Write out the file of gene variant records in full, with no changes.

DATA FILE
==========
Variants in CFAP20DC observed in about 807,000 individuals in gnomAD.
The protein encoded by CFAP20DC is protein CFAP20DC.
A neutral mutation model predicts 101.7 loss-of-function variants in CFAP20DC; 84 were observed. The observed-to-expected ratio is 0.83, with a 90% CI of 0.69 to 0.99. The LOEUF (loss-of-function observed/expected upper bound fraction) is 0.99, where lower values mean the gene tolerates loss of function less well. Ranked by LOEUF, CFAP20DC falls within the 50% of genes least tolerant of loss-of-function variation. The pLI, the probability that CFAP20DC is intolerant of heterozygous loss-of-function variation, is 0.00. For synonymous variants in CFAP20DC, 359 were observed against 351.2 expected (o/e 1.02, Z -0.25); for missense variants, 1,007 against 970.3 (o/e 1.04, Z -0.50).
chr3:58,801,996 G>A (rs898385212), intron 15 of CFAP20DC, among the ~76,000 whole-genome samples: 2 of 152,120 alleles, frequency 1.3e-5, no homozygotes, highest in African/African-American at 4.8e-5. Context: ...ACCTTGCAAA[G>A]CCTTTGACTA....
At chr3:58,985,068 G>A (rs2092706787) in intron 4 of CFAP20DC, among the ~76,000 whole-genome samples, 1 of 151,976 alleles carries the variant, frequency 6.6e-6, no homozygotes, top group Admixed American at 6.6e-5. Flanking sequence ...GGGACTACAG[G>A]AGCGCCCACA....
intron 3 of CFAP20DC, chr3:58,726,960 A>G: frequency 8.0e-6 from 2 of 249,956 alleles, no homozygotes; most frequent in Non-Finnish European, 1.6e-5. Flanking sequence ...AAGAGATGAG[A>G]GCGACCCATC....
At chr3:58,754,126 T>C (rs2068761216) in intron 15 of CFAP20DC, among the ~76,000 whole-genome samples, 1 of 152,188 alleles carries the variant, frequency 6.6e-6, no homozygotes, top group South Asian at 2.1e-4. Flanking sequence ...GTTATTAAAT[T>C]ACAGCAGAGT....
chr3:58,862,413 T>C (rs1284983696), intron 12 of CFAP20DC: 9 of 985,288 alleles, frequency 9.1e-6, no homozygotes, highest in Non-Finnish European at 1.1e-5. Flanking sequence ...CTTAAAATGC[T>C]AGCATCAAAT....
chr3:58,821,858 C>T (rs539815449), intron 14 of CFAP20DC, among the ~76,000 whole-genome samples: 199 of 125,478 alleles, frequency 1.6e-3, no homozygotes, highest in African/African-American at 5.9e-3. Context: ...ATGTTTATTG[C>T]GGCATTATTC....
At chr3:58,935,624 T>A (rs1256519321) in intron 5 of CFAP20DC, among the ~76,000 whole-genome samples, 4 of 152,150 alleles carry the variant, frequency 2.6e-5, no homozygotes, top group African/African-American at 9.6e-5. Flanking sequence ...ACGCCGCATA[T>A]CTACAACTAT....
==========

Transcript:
Variants in CFAP20DC observed in about 807,000 individuals in gnomAD.
The protein encoded by CFAP20DC is protein CFAP20DC.
A neutral mutation model predicts 101.7 loss-of-function variants in CFAP20DC; 84 were observed. The observed-to-expected ratio is 0.83, with a 90% CI of 0.69 to 0.99. The LOEUF (loss-of-function observed/expected upper bound fraction) is 0.99, where lower values mean the gene tolerates loss of function less well. Ranked by LOEUF, CFAP20DC falls within the 50% of genes least tolerant of loss-of-function variation. The pLI, the probability that CFAP20DC is intolerant of heterozygous loss-of-function variation, is 0.00. For synonymous variants in CFAP20DC, 359 were observed against 351.2 expected (o/e 1.02, Z -0.25); for missense variants, 1,007 against 970.3 (o/e 1.04, Z -0.50).
chr3:58,801,996 G>A (rs898385212), intron 15 of CFAP20DC, among the ~76,000 whole-genome samples: 2 of 152,120 alleles, frequency 1.3e-5, no homozygotes, highest in African/African-American at 4.8e-5. Context: ...ACCTTGCAAA[G>A]CCTTTGACTA....
At chr3:58,985,068 G>A (rs2092706787) in intron 4 of CFAP20DC, among the ~76,000 whole-genome samples, 1 of 151,976 alleles carries the variant, frequency 6.6e-6, no homozygotes, top group Admixed American at 6.6e-5. Flanking sequence ...GGGACTACAG[G>A]AGCGCCCACA....
intron 3 of CFAP20DC, chr3:58,726,960 A>G: frequency 8.0e-6 from 2 of 249,956 alleles, no homozygotes; most frequent in Non-Finnish European, 1.6e-5. Flanking sequence ...AAGAGATGAG[A>G]GCGACCCATC....
At chr3:58,754,126 T>C (rs2068761216) in intron 15 of CFAP20DC, among the ~76,000 whole-genome samples, 1 of 152,188 alleles carries the variant, frequency 6.6e-6, no homozygotes, top group South Asian at 2.1e-4. Flanking sequence ...GTTATTAAAT[T>C]ACAGCAGAGT....
chr3:58,862,413 T>C (rs1284983696), intron 12 of CFAP20DC: 9 of 985,288 alleles, frequency 9.1e-6, no homozygotes, highest in Non-Finnish European at 1.1e-5. Flanking sequence ...CTTAAAATGC[T>C]AGCATCAAAT....
chr3:58,821,858 C>T (rs539815449), intron 14 of CFAP20DC, among the ~76,000 whole-genome samples: 199 of 125,478 alleles, frequency 1.6e-3, no homozygotes, highest in African/African-American at 5.9e-3. Context: ...ATGTTTATTG[C>T]GGCATTATTC....
At chr3:58,935,624 T>A (rs1256519321) in intron 5 of CFAP20DC, among the ~76,000 whole-genome samples, 4 of 152,150 alleles carry the variant, frequency 2.6e-5, no homozygotes, top group African/African-American at 9.6e-5. Flanking sequence ...ACGCCGCATA[T>A]CTACAACTAT....